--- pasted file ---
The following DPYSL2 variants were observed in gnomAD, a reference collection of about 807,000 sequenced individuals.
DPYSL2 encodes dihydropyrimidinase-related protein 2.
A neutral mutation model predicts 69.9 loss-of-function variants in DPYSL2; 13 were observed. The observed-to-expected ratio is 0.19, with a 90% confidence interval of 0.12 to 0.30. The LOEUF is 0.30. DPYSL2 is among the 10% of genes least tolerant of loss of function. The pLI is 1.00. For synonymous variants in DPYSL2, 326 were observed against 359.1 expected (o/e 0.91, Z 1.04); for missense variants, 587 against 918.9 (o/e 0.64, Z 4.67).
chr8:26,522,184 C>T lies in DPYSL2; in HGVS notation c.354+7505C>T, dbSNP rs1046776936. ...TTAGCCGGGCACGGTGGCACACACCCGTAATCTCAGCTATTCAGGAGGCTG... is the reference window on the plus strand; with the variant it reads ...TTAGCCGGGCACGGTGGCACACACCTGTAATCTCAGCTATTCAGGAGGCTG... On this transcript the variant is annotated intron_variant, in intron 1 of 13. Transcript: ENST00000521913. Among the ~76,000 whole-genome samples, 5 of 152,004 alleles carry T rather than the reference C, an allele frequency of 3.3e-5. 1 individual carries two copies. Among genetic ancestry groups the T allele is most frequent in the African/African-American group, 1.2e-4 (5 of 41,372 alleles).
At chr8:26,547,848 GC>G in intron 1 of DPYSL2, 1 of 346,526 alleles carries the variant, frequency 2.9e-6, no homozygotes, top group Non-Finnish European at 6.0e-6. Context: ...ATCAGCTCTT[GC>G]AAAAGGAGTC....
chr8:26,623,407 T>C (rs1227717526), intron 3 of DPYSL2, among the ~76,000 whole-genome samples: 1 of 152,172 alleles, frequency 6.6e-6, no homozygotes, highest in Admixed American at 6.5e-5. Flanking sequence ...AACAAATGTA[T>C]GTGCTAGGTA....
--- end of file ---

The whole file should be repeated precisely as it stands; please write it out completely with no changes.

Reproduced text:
The following DPYSL2 variants were observed in gnomAD, a reference collection of about 807,000 sequenced individuals.
DPYSL2 encodes dihydropyrimidinase-related protein 2.
A neutral mutation model predicts 69.9 loss-of-function variants in DPYSL2; 13 were observed. The observed-to-expected ratio is 0.19, with a 90% confidence interval of 0.12 to 0.30. The LOEUF is 0.30. DPYSL2 is among the 10% of genes least tolerant of loss of function. The pLI is 1.00. For synonymous variants in DPYSL2, 326 were observed against 359.1 expected (o/e 0.91, Z 1.04); for missense variants, 587 against 918.9 (o/e 0.64, Z 4.67).
chr8:26,522,184 C>T lies in DPYSL2; in HGVS notation c.354+7505C>T, dbSNP rs1046776936. ...TTAGCCGGGCACGGTGGCACACACCCGTAATCTCAGCTATTCAGGAGGCTG... is the reference window on the plus strand; with the variant it reads ...TTAGCCGGGCACGGTGGCACACACCTGTAATCTCAGCTATTCAGGAGGCTG... On this transcript the variant is annotated intron_variant, in intron 1 of 13. Transcript: ENST00000521913. Among the ~76,000 whole-genome samples, 5 of 152,004 alleles carry T rather than the reference C, an allele frequency of 3.3e-5. 1 individual carries two copies. Among genetic ancestry groups the T allele is most frequent in the African/African-American group, 1.2e-4 (5 of 41,372 alleles).
At chr8:26,547,848 GC>G in intron 1 of DPYSL2, 1 of 346,526 alleles carries the variant, frequency 2.9e-6, no homozygotes, top group Non-Finnish European at 6.0e-6. Context: ...ATCAGCTCTT[GC>G]AAAAGGAGTC....
chr8:26,623,407 T>C (rs1227717526), intron 3 of DPYSL2, among the ~76,000 whole-genome samples: 1 of 152,172 alleles, frequency 6.6e-6, no homozygotes, highest in Admixed American at 6.5e-5. Flanking sequence ...AACAAATGTA[T>C]GTGCTAGGTA....